| #8bit | #atari | #atari800 | #videogames |
Flip and Flop was a very cool game. It earned kudos upon its release in 1983 for being entirely non-violent, but despite that shortcoming it was good fun.
You played either Flip the kangaroo or Mitch (not Flop) the monkey, and you were escaping from the evil zookeeper and his sentient net… by, uh… colouring in squares.
Have a look at that screenshot above. That’s Flip and Flop completely destroying your brain. After every stage as Flip, you play the same stage as Mitch, but the graphics are sort of inverted. The layout is the same, but your entire perspective shifts, and causes you to die.
The trick is simple. The platforms are the same, in the same position, but the edge which gives it depth is moved from the bottom to the top. And your brain panics.
The biggest brain bender is the orientation of your character. You spend one level knowing that your kangaroo’s feet touch the square you’re on. Bottom of player = safe zone, OK? The next level you’ve got to watch your monkey’s hands: Top of player = safe zone. It’s simple conceptually, but mind-bending in reality. You’ll always be tapping the pad just a panicked half-touch in the wrong direction, and know damn well you screwed up long before your monkey or ‘roo completes the jump to the next square.
The game starts off with very small stages, but every Flip stage is larger than the last (the Flop stages are the same but inverted, remember). Soon they’re very large indeed, and you can often hear your pursuer’s footsteps but not see where they are, and the edge of the map is creeping closer and closer and suddenly you’re in full-on panic mode as they appear right next you OMG. You can pass through them mid-hop, but if you touch the same square as them, you are caught.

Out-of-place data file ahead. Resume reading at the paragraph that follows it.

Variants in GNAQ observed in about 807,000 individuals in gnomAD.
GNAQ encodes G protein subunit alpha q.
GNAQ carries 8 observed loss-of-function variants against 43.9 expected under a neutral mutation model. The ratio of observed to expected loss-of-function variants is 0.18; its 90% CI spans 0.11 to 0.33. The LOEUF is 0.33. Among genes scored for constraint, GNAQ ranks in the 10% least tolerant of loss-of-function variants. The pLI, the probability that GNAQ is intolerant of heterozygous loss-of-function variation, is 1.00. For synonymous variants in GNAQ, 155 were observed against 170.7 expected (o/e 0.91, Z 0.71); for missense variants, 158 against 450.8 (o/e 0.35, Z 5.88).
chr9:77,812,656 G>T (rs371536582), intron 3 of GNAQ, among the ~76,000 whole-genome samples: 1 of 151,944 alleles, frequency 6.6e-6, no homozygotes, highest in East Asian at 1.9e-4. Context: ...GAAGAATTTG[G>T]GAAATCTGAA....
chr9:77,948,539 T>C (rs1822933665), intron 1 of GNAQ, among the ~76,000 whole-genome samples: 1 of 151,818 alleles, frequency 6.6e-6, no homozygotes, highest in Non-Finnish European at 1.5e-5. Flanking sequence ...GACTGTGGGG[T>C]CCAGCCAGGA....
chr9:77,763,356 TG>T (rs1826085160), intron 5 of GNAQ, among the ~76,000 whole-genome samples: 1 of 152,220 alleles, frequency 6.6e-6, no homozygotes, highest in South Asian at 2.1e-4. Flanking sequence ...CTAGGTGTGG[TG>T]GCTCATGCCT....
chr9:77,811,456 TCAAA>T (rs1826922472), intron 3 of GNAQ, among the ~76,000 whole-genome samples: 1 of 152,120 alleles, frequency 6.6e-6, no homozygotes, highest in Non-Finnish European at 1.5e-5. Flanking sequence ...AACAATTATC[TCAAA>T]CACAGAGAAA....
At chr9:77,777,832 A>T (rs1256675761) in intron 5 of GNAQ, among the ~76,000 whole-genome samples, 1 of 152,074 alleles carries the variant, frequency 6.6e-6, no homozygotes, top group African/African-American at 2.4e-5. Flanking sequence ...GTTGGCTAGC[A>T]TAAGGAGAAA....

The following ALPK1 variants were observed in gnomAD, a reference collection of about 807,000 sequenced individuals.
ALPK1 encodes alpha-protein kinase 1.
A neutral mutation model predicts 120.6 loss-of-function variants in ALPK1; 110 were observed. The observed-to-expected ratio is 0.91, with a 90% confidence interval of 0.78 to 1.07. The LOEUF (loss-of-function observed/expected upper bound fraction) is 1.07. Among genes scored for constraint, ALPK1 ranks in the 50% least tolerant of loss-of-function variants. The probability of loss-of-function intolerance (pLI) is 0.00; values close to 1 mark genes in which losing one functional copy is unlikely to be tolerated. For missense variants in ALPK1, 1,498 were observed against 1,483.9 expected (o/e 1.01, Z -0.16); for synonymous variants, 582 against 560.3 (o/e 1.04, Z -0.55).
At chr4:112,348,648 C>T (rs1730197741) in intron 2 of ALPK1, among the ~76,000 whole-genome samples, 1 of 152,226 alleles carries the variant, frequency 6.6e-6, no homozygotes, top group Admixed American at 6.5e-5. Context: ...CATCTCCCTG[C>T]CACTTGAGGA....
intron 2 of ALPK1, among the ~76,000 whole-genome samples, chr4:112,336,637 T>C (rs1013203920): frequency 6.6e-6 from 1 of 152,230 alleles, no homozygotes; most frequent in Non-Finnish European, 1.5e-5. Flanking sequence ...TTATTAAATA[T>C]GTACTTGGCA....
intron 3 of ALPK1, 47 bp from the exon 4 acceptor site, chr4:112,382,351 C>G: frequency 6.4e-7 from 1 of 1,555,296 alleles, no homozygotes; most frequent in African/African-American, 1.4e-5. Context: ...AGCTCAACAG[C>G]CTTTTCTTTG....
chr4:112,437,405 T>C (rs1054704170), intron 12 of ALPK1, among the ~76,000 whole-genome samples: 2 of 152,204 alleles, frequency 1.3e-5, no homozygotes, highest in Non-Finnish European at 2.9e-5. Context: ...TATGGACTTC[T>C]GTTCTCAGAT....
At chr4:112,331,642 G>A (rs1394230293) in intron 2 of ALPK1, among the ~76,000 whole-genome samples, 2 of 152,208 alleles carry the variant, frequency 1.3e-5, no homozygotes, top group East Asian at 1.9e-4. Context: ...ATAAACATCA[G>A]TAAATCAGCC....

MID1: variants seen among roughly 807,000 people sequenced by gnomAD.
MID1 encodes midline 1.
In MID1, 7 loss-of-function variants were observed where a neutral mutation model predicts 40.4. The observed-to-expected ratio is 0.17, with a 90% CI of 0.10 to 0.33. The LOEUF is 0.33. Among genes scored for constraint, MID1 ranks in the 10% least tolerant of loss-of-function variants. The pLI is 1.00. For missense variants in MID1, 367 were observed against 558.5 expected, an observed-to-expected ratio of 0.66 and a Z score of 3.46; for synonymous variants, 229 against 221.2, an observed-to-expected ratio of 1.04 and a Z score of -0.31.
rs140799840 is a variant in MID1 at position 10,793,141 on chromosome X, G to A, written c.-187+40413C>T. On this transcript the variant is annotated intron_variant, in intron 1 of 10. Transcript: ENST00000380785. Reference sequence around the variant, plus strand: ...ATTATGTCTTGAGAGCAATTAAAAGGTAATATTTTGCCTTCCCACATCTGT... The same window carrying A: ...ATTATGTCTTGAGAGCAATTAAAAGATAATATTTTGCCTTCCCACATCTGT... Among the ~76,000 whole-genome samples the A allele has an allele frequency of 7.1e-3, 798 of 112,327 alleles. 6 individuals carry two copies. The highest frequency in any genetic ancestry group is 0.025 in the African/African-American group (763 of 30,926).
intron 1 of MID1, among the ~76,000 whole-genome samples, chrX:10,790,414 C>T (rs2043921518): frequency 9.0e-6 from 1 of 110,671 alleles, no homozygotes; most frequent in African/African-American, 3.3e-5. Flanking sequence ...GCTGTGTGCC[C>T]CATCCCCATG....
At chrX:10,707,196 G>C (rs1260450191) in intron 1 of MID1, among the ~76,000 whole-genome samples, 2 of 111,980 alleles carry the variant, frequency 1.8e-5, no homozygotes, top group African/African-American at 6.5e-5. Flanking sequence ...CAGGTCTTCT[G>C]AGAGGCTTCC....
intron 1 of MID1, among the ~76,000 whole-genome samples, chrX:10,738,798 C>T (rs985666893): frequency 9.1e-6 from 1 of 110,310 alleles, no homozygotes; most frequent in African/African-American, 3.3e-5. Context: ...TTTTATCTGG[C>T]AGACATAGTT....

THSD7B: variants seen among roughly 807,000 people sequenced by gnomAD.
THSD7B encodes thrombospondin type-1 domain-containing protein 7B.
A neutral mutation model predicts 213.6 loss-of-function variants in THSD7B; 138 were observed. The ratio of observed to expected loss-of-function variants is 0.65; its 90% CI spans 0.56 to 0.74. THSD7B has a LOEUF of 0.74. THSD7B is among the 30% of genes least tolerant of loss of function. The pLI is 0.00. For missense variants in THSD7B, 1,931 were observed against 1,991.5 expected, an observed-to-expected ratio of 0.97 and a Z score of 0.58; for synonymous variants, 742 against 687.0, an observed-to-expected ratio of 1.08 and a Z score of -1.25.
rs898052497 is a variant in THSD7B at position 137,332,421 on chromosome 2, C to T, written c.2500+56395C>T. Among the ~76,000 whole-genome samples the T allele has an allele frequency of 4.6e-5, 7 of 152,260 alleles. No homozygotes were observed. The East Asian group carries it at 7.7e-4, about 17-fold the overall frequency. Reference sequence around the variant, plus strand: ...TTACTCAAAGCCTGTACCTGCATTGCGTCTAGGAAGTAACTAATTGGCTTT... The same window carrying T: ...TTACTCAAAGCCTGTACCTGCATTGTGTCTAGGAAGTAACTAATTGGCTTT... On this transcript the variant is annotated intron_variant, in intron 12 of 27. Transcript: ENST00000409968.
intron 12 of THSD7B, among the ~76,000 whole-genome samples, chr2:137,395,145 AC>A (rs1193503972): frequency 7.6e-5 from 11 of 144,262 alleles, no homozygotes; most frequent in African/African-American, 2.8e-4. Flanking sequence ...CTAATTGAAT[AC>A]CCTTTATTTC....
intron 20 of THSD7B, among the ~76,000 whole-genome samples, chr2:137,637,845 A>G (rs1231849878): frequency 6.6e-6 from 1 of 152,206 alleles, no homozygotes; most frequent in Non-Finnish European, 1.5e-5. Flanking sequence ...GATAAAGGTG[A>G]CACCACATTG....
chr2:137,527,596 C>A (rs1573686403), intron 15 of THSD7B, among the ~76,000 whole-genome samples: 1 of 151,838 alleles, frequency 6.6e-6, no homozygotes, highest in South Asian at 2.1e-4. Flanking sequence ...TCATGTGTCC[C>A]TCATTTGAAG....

The game offers you only one defense: sticky flashing squares. You can lure your pursuer onto them, trapping them momentarily, giving you time to get away.
It’s the very best kind of gaming. It’s fast, it’s fun, it’s cute, and it makes your brain hate your eyes, and its own primitive perspective faculties. It’ll also tax your reflexes and controller to the max: if you’re playing with a sloppy pad or joystick you’ll be enraged quickly. It’s very easy to walk right off the edge of every platform when your hands, eyes and brain are at war with each other.
It’s for the Atari 800 computer, it’s 37 years old in 2020, and it’s probably way more fun than anything else you’ve played this week. =)
[ May 29 2020 ]
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